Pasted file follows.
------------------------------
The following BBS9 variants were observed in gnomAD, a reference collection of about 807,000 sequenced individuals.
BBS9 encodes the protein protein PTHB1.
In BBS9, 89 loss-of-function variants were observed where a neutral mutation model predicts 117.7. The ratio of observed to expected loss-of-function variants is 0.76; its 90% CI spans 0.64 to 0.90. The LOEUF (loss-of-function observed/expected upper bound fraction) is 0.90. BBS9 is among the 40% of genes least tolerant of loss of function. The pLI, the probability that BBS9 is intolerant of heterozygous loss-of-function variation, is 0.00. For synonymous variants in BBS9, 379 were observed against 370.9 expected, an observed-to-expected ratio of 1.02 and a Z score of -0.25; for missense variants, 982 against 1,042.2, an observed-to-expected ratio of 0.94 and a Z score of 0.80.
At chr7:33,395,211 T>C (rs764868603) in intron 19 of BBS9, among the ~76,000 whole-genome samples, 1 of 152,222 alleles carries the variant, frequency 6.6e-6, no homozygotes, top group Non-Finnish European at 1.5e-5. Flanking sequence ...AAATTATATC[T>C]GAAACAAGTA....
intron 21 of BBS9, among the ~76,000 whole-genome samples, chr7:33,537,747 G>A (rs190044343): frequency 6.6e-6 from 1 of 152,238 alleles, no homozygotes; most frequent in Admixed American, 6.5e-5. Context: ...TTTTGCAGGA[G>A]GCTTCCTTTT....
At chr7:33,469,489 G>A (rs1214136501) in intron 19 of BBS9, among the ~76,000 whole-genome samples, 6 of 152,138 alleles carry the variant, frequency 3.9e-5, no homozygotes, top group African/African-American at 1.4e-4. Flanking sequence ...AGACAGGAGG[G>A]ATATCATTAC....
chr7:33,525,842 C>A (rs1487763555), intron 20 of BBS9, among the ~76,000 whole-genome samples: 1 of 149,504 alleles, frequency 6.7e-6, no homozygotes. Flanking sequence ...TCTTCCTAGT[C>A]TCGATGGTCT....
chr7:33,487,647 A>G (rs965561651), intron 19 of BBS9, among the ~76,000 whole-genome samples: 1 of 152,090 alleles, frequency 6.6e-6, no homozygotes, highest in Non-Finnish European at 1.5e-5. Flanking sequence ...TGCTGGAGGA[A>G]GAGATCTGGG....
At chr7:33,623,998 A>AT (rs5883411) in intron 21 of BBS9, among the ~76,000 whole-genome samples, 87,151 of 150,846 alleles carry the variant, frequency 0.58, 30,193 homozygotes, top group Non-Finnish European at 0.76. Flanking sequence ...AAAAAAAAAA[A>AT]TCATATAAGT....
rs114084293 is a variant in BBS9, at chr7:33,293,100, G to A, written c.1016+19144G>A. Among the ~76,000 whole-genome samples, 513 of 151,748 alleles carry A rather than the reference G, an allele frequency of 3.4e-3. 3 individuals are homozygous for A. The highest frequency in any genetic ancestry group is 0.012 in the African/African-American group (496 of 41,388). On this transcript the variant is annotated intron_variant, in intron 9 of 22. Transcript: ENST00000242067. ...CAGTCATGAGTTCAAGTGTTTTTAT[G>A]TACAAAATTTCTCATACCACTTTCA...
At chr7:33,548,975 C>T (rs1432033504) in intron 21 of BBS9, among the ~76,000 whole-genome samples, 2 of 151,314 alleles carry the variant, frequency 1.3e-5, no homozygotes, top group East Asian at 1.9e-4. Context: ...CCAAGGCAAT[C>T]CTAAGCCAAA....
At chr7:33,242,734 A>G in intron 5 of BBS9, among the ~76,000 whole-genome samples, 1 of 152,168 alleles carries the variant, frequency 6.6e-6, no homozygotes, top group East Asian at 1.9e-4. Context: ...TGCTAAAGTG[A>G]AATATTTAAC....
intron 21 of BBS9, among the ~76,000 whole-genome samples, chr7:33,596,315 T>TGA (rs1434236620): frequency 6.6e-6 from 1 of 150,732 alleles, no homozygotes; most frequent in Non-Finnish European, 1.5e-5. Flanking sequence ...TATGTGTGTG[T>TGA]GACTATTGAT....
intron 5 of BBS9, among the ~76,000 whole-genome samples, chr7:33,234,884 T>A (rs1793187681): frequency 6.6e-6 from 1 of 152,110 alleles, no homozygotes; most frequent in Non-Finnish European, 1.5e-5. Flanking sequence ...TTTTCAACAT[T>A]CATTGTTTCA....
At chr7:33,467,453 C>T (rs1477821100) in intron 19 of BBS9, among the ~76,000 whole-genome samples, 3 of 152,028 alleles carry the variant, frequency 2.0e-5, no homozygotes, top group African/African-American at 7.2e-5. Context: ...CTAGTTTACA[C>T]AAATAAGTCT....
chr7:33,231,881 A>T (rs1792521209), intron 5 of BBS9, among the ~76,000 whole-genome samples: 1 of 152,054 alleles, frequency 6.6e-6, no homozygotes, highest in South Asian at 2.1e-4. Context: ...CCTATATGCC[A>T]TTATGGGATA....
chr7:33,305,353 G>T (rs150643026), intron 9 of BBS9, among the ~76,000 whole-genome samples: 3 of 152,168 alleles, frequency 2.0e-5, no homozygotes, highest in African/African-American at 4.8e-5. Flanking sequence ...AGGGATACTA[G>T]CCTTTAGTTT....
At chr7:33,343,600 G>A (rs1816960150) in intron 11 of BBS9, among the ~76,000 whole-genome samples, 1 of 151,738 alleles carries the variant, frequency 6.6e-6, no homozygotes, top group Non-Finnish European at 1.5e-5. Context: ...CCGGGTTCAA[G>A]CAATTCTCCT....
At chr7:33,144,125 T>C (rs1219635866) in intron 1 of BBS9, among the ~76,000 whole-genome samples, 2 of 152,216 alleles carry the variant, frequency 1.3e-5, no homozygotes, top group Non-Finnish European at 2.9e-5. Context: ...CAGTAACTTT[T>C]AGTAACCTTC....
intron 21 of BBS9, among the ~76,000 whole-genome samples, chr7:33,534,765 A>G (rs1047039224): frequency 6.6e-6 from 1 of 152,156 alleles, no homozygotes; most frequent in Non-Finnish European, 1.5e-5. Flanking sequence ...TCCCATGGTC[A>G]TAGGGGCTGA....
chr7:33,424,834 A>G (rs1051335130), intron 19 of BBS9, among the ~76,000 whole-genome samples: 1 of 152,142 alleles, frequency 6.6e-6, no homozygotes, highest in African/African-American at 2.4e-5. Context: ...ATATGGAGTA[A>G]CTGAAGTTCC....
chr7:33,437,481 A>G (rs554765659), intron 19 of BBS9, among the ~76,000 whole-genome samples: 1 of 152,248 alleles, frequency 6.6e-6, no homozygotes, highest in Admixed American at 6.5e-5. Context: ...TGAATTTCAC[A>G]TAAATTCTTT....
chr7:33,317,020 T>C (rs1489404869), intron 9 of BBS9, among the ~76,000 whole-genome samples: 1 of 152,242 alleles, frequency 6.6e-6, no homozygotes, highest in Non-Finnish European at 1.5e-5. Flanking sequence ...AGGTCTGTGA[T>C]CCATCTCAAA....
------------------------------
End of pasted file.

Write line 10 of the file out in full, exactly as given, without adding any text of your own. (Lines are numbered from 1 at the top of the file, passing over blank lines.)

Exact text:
rs114084293 is a variant in BBS9, at chr7:33,293,100, G to A, written c.1016+19144G>A. Among the ~76,000 whole-genome samples, 513 of 151,748 alleles carry A rather than the reference G, an allele frequency of 3.4e-3. 3 individuals are homozygous for A. The highest frequency in any genetic ancestry group is 0.012 in the African/African-American group (496 of 41,388). On this transcript the variant is annotated intron_variant, in intron 9 of 22. Transcript: ENST00000242067. ...CAGTCATGAGTTCAAGTGTTTTTAT[G>A]TACAAAATTTCTCATACCACTTTCA...